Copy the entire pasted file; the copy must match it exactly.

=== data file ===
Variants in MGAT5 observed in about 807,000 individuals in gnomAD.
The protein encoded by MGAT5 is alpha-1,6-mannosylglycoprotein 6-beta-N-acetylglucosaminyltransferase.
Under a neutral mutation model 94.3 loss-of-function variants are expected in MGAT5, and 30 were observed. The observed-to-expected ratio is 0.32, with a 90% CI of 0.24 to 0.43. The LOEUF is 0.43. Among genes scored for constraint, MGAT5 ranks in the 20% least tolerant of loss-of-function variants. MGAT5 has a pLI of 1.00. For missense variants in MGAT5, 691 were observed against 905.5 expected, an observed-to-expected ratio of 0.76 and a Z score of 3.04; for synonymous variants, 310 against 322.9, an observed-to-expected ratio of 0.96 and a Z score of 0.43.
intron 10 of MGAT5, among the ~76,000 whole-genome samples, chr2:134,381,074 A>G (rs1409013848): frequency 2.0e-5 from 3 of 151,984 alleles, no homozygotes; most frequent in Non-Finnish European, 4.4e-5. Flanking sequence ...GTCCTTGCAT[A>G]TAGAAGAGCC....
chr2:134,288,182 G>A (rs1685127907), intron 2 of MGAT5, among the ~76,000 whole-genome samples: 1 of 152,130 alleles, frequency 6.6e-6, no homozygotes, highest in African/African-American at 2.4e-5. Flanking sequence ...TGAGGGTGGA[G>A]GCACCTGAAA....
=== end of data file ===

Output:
Variants in MGAT5 observed in about 807,000 individuals in gnomAD.
The protein encoded by MGAT5 is alpha-1,6-mannosylglycoprotein 6-beta-N-acetylglucosaminyltransferase.
Under a neutral mutation model 94.3 loss-of-function variants are expected in MGAT5, and 30 were observed. The observed-to-expected ratio is 0.32, with a 90% CI of 0.24 to 0.43. The LOEUF is 0.43. Among genes scored for constraint, MGAT5 ranks in the 20% least tolerant of loss-of-function variants. MGAT5 has a pLI of 1.00. For missense variants in MGAT5, 691 were observed against 905.5 expected, an observed-to-expected ratio of 0.76 and a Z score of 3.04; for synonymous variants, 310 against 322.9, an observed-to-expected ratio of 0.96 and a Z score of 0.43.
intron 10 of MGAT5, among the ~76,000 whole-genome samples, chr2:134,381,074 A>G (rs1409013848): frequency 2.0e-5 from 3 of 151,984 alleles, no homozygotes; most frequent in Non-Finnish European, 4.4e-5. Flanking sequence ...GTCCTTGCAT[A>G]TAGAAGAGCC....
chr2:134,288,182 G>A (rs1685127907), intron 2 of MGAT5, among the ~76,000 whole-genome samples: 1 of 152,130 alleles, frequency 6.6e-6, no homozygotes, highest in African/African-American at 2.4e-5. Flanking sequence ...TGAGGGTGGA[G>A]GCACCTGAAA....